# Functions

## Quick

The set of inputs accepted by the function. Given a function \[ f: X \rightarrow Y \] The domain of \(f\) is \(X\). In modern mathematical language, the domain is part of the definition of a function rather than a property of it.

The set \(Y\) is called the codomain: the set to which all outputs must belong.

The set of specific outputs the function assigns to elements of \(X\) is called its range or image. The image of \(f\) is a subset of \(Y\).

Any function can be restricted to a subset of its domain. The restriction of \(f:X\rightarrow Y\) to \(A\), where \(A \subseteq X\) is written as \(f|_A:A \rightarrow Y\)

↦ maps an element of one set to an element of another set; → maps a set to a set.

## Definitions

Let A and B be nonempty sets. A function \(f\) from A to B,denoted \(f:A \to B\) is an assignment of each element of A to exactly one element of B. We write \(f(a) = b\) if b is exactly one element of B assigned by the function f to the element a of A.

Functions can also be called mappings or transformations.

A function \(f:A \to B\) can also be defined as a subset of \(A /times B\) ( a relation). This subset is also restricted to be a realation where no two elements of the relation have the same first element.

Specifically a function f from A to B contains one and only one ordered pair (a,b) for every element \(a \in A\). \[ \forall x \left[x \in A \to \exists y[y \in B \wedge (x,y) \in f]\right] \] and \[ \forall x, y_1, y_2 [[(x, y_1) \in f \wedge (x,y_2) \in f]\to y_1 = y_2] \]

Given function \(f:A \to B\) :

- We say f maps A to B or f is a mapping from A to B.
- A is called the domain of f
- B is called the codomain of f
- if f(a) = b,
- then b is called the image of a under f
- a is called the preimage of b

- The range of f is the set of all images of points in A under f. We denote it by f(A).
- Two functions are equal when they have the same domain, the same codomain and map each element of the domain to the same element of the codomain.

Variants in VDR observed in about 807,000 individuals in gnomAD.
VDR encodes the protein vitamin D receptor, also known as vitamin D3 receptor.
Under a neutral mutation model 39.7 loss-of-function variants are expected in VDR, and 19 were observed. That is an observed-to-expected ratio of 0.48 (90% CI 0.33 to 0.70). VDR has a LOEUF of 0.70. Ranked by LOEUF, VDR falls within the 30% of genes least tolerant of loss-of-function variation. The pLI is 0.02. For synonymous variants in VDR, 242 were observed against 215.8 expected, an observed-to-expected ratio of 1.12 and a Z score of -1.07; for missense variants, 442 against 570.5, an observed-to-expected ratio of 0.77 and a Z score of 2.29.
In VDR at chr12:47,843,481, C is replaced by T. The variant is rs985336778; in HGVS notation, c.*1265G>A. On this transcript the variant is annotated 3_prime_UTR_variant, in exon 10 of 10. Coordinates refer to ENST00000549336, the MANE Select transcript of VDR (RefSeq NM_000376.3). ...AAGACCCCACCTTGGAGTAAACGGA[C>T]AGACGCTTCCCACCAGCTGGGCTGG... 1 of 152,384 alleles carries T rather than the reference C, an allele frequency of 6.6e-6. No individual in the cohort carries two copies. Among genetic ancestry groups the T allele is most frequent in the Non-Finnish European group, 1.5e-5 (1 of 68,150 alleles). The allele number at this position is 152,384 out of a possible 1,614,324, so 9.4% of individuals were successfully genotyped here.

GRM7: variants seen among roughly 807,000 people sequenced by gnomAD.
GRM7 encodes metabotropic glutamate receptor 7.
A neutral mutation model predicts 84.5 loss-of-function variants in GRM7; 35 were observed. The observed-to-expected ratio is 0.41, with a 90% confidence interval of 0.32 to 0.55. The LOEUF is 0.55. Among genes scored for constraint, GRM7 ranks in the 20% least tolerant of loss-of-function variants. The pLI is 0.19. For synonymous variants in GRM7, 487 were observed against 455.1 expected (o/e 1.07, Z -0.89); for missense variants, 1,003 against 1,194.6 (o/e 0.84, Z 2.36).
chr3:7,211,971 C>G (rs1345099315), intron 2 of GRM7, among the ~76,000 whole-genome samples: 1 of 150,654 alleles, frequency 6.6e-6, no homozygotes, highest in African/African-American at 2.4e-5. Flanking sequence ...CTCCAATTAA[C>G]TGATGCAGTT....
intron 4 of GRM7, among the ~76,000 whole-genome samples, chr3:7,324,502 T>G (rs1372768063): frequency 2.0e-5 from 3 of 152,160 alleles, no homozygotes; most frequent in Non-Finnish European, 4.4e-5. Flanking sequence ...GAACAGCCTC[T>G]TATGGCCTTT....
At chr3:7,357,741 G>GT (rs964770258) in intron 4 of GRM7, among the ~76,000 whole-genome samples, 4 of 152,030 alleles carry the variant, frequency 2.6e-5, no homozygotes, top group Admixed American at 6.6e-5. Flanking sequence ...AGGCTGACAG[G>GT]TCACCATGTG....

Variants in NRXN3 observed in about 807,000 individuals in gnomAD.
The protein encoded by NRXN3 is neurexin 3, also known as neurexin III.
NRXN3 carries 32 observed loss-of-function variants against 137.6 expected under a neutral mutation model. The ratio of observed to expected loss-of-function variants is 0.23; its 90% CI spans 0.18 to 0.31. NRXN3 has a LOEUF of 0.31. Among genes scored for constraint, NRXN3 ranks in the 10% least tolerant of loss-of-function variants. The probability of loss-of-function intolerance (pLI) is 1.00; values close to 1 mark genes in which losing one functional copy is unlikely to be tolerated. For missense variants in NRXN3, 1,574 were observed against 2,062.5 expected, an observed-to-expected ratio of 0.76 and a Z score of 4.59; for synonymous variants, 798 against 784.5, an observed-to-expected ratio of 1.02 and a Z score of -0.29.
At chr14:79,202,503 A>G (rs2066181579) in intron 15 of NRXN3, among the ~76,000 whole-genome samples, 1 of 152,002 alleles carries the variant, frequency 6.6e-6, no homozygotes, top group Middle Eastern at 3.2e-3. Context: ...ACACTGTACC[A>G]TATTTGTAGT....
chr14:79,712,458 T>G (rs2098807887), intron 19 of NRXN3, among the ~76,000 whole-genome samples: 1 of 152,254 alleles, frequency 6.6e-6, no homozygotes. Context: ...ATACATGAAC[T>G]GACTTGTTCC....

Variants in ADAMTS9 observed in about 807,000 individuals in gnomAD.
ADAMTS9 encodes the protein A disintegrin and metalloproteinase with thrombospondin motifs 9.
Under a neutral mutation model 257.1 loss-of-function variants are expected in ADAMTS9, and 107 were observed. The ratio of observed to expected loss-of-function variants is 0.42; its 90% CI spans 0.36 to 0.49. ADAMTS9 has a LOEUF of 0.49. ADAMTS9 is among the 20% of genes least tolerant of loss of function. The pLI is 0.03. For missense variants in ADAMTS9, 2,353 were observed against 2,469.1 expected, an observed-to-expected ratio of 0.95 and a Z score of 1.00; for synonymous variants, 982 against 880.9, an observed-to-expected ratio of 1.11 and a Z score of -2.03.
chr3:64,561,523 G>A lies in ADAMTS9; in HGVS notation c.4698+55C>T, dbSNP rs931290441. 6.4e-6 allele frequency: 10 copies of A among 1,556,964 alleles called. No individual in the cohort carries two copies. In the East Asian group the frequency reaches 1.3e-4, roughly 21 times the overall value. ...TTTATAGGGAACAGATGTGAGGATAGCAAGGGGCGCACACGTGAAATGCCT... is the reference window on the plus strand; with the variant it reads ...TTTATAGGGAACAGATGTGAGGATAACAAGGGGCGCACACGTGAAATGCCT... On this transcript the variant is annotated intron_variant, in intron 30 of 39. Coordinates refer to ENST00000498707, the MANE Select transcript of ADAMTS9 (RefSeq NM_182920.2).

### Representing

Functions may be specified in different ways:

- Explicent state of the assignment
- A formula - $f(x) = x+1
- A computer program

### Injections

A function f is said to be one-to-one or injective, if and only if f(a) = f(b) implies that a = b for all a and b in the domain f. A function is said to be an injection if it is one to one.

### Surjection

A function f from A to B is called onto or surjective, if and only if for every element \(b \in B\) there is an element \(a \in A\) with \(f(a) = b\).

### Bijections

A function is a one-to-one correspondence, or a bijection if it is both one to one and onto (surjective and injective).

Suppose that \(f:A \to B\)

- To show injective, show that if f(x) = f(y) for arbitray x, \(y\in A\) then x = y.
- To show that f is not injective: Find particular elements x, y \(\in\) B such that \(x \neq y\) and f(x) = f(y).
- To show that f is surjective: Consider an arbitrary element \(y \in B\) and find an element \(x \in A\) such that f(x) = y.
- To show that f is not surjective: Find a particular \(y \in B\) such that \(f(x) \neq y\) for all \(x \in A\).

### Inverse functions

Let \(f\) be a bijection from A to B. Then the inverse of \(f\), denoted by \(f^{-1}\) is the function from B to A defined as \(f^{-1}(y) = x\) if \(f(x) = y\).

No inverse exists unless f is a bijection. {:courses:spring_21:fund_discrete_math:start:pasted:20210219-143705.png}}

### Composition

Let \(f: B \to C, g:A \to B\). The composition of f with g denoted \(f \circ g\) is the function from A to C defined by $f ˆ g(x) = f(g(x)).

## References

- Wikipedia - function notation
- Wikipedia - Codomain
- Wikipedia - Domain of a function
- What does the function f: x ↦ y mean?
- Definition and Notation - Applied Discrete Structures